I first heard Valery Gergiev conduct the Leningrad at
the Royal Festival Hall some years ago and was struck by the
haunting, elegiac quality of that fine performance. It’s
a tough piece to bring off, as the recent Nelsons CBSO recording
Apart from the variable sonics I found the latter reading brash
and naively triumphal, which robs the work of its essential
ambiguities and dark equivocations. I can’t deny its banalities,
but as I remarked in that review such things take on an entirely
different cast in the right context. I also commended Ashkenazy’s
St Petersburg account on Decca,
which combines musical substance with top-notch sound. Inexplicably
it’s been deleted, although a quick Google confirms it’s
available as an mp3 download.
Gergiev’s unfolding Mariinsky Shostakovich series began
with the ‘anarchist’s hand grenade’ that is
The Nose. Well sung, played and recorded it appeared
to augur well for this project (review).
That said, I was distinctly underwhelmed by the symphonies that
followed, the much-lauded Nos. 1 and 15 especially. I was surprised
to find that the trenchancy and wit that characterise The
Nose was in short supply; moreover, the playing and sonics
weren’t on a par with that first release. Which is why
I approached this new Leningrad with some trepidation.
Would this be yet another faulty piece of ordnance that, once
lobbed, would fail to explode?
First impressions are favourable, with Gergiev striking a convincing
balance between jauntiness and foreboding in the music that
leads up to the infamous march. As for the sound it's suitably
deep and sonorous, although some listeners may find the distant
and somewhat spongy timps blunt the music’s dramatic edge.
That matters much less if one is drawn into the performance
from the start, which is exactly what happens here. Gergiev
finds an inexorable momentum and logic, and he ensures the march
is much more than a brazen piece of populist pap. There’s
genuine terror and breadth in this advance, and its wide dynamics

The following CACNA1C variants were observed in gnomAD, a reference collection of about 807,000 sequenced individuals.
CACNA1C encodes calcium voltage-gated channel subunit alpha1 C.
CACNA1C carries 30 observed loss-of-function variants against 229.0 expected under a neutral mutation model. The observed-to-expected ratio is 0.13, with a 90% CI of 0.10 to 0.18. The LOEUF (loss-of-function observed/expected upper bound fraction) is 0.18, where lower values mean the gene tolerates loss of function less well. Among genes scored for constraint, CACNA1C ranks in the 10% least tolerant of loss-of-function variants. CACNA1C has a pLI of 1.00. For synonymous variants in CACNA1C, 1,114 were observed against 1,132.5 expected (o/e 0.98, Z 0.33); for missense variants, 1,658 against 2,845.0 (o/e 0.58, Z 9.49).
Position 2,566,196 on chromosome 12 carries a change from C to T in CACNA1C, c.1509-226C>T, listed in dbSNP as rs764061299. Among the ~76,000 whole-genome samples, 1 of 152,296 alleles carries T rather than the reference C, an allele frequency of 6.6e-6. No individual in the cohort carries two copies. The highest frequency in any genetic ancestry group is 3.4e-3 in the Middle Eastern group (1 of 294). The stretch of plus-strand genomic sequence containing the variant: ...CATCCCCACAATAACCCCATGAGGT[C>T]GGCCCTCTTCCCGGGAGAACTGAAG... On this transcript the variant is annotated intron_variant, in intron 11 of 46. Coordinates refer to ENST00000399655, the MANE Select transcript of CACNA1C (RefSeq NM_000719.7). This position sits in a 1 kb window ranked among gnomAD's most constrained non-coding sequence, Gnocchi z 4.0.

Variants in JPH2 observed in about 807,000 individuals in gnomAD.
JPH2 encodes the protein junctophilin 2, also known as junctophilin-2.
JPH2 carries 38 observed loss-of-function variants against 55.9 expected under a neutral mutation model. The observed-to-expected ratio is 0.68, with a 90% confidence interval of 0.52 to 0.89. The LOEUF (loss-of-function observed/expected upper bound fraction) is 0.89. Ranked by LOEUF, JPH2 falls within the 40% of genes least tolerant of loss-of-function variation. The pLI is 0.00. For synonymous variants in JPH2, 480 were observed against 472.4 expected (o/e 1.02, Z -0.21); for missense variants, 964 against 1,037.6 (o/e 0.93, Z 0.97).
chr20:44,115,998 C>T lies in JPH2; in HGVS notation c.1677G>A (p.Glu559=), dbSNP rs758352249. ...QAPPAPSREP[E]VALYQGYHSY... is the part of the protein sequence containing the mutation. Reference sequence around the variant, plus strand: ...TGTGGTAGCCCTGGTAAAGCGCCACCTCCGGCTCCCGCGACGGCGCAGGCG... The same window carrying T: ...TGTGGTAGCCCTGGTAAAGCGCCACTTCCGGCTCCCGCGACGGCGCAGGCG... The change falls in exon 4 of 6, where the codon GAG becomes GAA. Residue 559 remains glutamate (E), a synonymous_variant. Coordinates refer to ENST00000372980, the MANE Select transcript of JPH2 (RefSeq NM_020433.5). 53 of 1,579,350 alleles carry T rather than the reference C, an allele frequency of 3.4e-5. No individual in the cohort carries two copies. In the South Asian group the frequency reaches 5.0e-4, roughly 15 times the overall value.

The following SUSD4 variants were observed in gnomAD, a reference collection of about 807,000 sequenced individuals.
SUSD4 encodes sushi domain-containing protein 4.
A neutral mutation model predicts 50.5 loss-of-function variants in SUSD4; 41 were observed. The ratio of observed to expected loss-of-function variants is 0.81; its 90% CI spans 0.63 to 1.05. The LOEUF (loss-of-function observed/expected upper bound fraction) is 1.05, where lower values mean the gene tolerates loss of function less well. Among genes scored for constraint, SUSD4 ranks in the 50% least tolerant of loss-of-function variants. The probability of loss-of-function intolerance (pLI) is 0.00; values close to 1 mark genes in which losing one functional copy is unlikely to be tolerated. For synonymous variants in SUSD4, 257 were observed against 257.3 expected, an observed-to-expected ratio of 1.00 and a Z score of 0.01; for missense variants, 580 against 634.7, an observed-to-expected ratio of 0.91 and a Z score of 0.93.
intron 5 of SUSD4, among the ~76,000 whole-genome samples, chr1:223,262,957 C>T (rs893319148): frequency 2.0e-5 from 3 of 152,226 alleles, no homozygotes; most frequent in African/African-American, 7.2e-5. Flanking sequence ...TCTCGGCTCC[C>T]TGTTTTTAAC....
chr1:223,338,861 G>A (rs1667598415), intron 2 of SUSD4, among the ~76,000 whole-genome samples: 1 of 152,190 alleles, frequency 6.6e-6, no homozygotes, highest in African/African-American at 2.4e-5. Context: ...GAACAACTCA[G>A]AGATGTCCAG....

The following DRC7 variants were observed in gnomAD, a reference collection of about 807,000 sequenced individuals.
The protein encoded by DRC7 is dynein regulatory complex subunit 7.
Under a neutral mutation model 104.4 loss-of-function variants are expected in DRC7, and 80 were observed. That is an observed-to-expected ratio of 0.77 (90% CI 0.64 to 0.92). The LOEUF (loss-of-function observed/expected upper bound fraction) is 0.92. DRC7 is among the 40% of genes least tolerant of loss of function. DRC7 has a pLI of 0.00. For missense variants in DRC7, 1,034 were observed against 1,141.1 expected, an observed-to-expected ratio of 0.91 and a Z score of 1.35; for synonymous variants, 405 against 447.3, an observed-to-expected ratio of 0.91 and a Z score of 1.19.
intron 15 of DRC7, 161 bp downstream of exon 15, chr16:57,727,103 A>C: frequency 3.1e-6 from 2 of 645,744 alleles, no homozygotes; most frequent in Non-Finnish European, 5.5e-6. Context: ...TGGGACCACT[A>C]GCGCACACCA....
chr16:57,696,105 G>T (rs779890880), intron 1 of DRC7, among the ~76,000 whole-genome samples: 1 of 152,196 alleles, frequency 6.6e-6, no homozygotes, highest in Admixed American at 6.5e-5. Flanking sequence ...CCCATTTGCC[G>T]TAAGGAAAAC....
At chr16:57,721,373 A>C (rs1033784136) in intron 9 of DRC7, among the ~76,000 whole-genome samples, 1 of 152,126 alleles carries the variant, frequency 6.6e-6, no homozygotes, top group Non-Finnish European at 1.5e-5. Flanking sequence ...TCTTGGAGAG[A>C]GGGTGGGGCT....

are well caught.
Gergiev’s even finer in the two inner movements. One of
my abiding memories of the RFH Leningrad is the chilly,
spectral quality he distils from the Moderato, originally
titled Memories. The ghostly procession is reprised here
to superb effect, and the orchestra play with great commitment
and feeling. Crucially, in the troubled Adagio Gergiev
avoids the hollow bombast that so fatally undermines Nelsons’
This extraordinary combination of quiet inwardness and profound
uncertainty is a potent reminder that this symphony is more
complex and, yes, more subtle, than its detractors would have
us believe. The range of mood and colour that Gergiev coaxes
from his band is remarkable, and the goose-bump quotient is
considerably higher than I remember from that London concert.
Any caveats? If you listen on good-quality headphones you may
find the conductor’s audible grunts and goadings somewhat
distracting. Any such reservations are quickly forgotten in
a deeply etched Allegro that’s alternately as gaunt
and as stoic as I can recall. Indeed, Nelsons’ misjudged
reading seems even more so in the light of this far more penetrating
performance. It’s always a relief to find a conductor
who delves into Shostakovich’s conflicted psyche and doesn’t
flinch from what he finds. Just take that extended peroration
at the close, so often made to sound crudely triumphant; but
as Gergiev forcefully reminds us this is a Pyrrhic victory,
its outward celebrations a mask for inner turmoil.
I’ve said it before and I’ll say it again; the Leningrad
is a substantial and unsettling work that runs its successor
close in terms of musical coherence and sheer dramatic intensity.
As for Gergiev, he certainly makes amends for earlier disappointments;
the engineers must take a bow as well.
Unflinching, unerring and, above all, illuminating; a searing
Masterwork Index: Shostakovich